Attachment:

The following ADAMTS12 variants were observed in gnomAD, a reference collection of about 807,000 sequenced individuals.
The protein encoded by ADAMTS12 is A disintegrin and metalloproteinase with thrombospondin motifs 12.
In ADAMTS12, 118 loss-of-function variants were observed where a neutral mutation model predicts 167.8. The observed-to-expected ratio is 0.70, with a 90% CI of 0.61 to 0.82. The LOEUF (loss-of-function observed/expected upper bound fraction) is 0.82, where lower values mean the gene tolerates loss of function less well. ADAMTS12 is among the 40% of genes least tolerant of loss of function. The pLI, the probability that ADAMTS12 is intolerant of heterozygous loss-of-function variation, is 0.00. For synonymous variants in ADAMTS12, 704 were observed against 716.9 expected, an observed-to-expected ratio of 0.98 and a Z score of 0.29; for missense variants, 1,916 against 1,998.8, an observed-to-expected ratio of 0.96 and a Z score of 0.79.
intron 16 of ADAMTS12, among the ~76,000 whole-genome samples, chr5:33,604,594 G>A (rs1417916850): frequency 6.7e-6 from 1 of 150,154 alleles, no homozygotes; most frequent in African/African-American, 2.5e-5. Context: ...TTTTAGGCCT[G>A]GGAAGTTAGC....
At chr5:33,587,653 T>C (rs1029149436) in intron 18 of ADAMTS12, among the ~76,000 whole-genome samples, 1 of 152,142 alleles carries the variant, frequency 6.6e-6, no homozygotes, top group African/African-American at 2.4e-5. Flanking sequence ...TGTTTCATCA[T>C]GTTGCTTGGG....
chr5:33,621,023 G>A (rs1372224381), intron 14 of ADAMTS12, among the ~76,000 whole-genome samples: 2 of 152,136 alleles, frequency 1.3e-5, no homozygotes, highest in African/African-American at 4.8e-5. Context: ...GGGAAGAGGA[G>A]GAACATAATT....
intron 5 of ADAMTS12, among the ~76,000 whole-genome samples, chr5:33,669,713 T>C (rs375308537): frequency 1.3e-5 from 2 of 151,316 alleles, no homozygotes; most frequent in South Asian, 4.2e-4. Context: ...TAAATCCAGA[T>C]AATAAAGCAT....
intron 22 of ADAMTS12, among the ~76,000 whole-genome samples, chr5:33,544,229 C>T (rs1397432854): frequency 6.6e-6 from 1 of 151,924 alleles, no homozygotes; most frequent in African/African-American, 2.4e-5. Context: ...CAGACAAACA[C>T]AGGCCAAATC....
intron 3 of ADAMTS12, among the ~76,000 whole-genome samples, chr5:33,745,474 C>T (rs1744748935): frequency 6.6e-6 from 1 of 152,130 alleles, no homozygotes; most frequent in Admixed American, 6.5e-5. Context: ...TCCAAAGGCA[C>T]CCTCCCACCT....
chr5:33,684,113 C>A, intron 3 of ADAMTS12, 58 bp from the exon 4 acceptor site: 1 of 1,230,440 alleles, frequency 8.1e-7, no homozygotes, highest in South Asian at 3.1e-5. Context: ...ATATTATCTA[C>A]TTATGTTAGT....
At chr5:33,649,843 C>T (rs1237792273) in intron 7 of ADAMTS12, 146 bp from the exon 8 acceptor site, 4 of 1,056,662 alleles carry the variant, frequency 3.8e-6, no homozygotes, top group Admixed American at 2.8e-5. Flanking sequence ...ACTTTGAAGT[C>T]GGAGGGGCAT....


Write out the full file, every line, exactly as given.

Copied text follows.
The following ADAMTS12 variants were observed in gnomAD, a reference collection of about 807,000 sequenced individuals.
The protein encoded by ADAMTS12 is A disintegrin and metalloproteinase with thrombospondin motifs 12.
In ADAMTS12, 118 loss-of-function variants were observed where a neutral mutation model predicts 167.8. The observed-to-expected ratio is 0.70, with a 90% CI of 0.61 to 0.82. The LOEUF (loss-of-function observed/expected upper bound fraction) is 0.82, where lower values mean the gene tolerates loss of function less well. ADAMTS12 is among the 40% of genes least tolerant of loss of function. The pLI, the probability that ADAMTS12 is intolerant of heterozygous loss-of-function variation, is 0.00. For synonymous variants in ADAMTS12, 704 were observed against 716.9 expected, an observed-to-expected ratio of 0.98 and a Z score of 0.29; for missense variants, 1,916 against 1,998.8, an observed-to-expected ratio of 0.96 and a Z score of 0.79.
intron 16 of ADAMTS12, among the ~76,000 whole-genome samples, chr5:33,604,594 G>A (rs1417916850): frequency 6.7e-6 from 1 of 150,154 alleles, no homozygotes; most frequent in African/African-American, 2.5e-5. Context: ...TTTTAGGCCT[G>A]GGAAGTTAGC....
At chr5:33,587,653 T>C (rs1029149436) in intron 18 of ADAMTS12, among the ~76,000 whole-genome samples, 1 of 152,142 alleles carries the variant, frequency 6.6e-6, no homozygotes, top group African/African-American at 2.4e-5. Flanking sequence ...TGTTTCATCA[T>C]GTTGCTTGGG....
chr5:33,621,023 G>A (rs1372224381), intron 14 of ADAMTS12, among the ~76,000 whole-genome samples: 2 of 152,136 alleles, frequency 1.3e-5, no homozygotes, highest in African/African-American at 4.8e-5. Context: ...GGGAAGAGGA[G>A]GAACATAATT....
intron 5 of ADAMTS12, among the ~76,000 whole-genome samples, chr5:33,669,713 T>C (rs375308537): frequency 1.3e-5 from 2 of 151,316 alleles, no homozygotes; most frequent in South Asian, 4.2e-4. Context: ...TAAATCCAGA[T>C]AATAAAGCAT....
intron 22 of ADAMTS12, among the ~76,000 whole-genome samples, chr5:33,544,229 C>T (rs1397432854): frequency 6.6e-6 from 1 of 151,924 alleles, no homozygotes; most frequent in African/African-American, 2.4e-5. Context: ...CAGACAAACA[C>T]AGGCCAAATC....
intron 3 of ADAMTS12, among the ~76,000 whole-genome samples, chr5:33,745,474 C>T (rs1744748935): frequency 6.6e-6 from 1 of 152,130 alleles, no homozygotes; most frequent in Admixed American, 6.5e-5. Context: ...TCCAAAGGCA[C>T]CCTCCCACCT....
chr5:33,684,113 C>A, intron 3 of ADAMTS12, 58 bp from the exon 4 acceptor site: 1 of 1,230,440 alleles, frequency 8.1e-7, no homozygotes, highest in South Asian at 3.1e-5. Context: ...ATATTATCTA[C>A]TTATGTTAGT....
At chr5:33,649,843 C>T (rs1237792273) in intron 7 of ADAMTS12, 146 bp from the exon 8 acceptor site, 4 of 1,056,662 alleles carry the variant, frequency 3.8e-6, no homozygotes, top group Admixed American at 2.8e-5. Flanking sequence ...ACTTTGAAGT[C>T]GGAGGGGCAT....